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This is the blog of Ian Rosales Casocot. Filipino writer. Sometime academic. Former backpacker. Twink bait. Hamster lover.

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Tuesday, June 23, 2020

entry arrow10:00 AM | The Film Meme No. 59

[59th of 100]. When I think of the magic of Technicolor, the first thing I think about is this 1944 paean by Vincente Minnelli to the seasons of an American family's life, which brings out with unshy lushness the brightness of summer, the charms of autumn, the depths of winter, and the gaiety of spring as they happen to the Smiths of St. Louis, Missouri, all in the months prior to the opening of the famed World's Fair in 1904. The colours simply pop in this film, fantastical to the core, but the result is uncanny because it underscores both the fairy tale quality of the story and the groundedness with which we relate to it. It is both artifice and realness in equal measure, which is an impossible tightrope to navigate indeed. Perhaps the realness comes from the seeming relatability of this family -- Mr. and Mrs. Smith and their four daughters and one son -- that comes despite their obvious privileges. I think it's the performances. Judy Garland, for example, brings a singular charm to her role as Esther, the spirited second daughter in love with the boy next door, which is removed from the neurosis she'd display come later roles. When she sings "Have Yourself a Merry Little Christmas" in the winter section of this movie musical, for example, she gives it the right dose of pathos, which would make the song an iconic holiday tune. [It is my favorite Christmas song bar none.] We feel the movie right in our guts, and this is the very quality I have come to find real, and warm. Every December, I do a marathon of Christmas movies, which has become my ritual, and it includes personal holiday favorites such as A Christmas Story, Home Alone, The Nightmare Before Christmas, It's a Wonderful Life, When Harry Met Sally..., Mixed Nuts, Miracle on 34th Street, A Charlie Brown Christmas, and Mon Oncle Antoine. This film, however, is always the last that I screen, ending with the best to get me into the right mood of the often difficult season. It never ceases to not work. What's the film?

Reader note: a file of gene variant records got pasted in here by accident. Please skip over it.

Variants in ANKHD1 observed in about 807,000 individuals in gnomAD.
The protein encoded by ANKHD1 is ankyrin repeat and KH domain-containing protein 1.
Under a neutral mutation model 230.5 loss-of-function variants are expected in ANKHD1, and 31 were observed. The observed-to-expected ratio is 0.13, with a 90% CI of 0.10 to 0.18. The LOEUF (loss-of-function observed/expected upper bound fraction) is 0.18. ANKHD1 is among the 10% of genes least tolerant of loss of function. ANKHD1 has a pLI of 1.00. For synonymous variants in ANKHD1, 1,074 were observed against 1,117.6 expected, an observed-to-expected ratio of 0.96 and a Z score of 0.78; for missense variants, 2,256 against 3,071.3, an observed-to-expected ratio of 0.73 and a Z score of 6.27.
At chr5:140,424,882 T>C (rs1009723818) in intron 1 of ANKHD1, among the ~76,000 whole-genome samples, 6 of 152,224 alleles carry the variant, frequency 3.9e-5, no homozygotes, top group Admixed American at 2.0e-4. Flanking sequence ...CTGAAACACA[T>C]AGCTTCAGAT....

For the introduction to this meme, read here.

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